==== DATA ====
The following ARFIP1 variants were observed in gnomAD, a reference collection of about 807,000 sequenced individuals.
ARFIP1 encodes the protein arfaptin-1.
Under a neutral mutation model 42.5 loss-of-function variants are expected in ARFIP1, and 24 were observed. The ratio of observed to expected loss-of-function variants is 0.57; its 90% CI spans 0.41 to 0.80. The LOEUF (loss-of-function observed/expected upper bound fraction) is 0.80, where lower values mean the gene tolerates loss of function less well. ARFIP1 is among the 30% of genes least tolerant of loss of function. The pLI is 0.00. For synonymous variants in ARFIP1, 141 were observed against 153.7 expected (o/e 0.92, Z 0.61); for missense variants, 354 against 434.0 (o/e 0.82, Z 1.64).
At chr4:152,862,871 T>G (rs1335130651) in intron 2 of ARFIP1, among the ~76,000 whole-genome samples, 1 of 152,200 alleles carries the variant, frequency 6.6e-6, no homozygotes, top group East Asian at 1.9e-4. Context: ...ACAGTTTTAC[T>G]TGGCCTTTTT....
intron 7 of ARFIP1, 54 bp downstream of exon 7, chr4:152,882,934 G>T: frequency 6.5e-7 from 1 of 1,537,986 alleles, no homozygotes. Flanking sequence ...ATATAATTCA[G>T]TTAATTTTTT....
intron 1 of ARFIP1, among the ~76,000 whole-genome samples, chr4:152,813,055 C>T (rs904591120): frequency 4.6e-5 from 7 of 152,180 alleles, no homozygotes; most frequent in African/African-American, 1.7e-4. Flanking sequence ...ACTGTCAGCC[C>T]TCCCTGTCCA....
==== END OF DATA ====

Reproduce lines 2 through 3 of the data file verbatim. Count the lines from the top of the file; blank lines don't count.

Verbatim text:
ARFIP1 encodes the protein arfaptin-1.
Under a neutral mutation model 42.5 loss-of-function variants are expected in ARFIP1, and 24 were observed. The ratio of observed to expected loss-of-function variants is 0.57; its 90% CI spans 0.41 to 0.80. The LOEUF (loss-of-function observed/expected upper bound fraction) is 0.80, where lower values mean the gene tolerates loss of function less well. ARFIP1 is among the 30% of genes least tolerant of loss of function. The pLI is 0.00. For synonymous variants in ARFIP1, 141 were observed against 153.7 expected (o/e 0.92, Z 0.61); for missense variants, 354 against 434.0 (o/e 0.82, Z 1.64).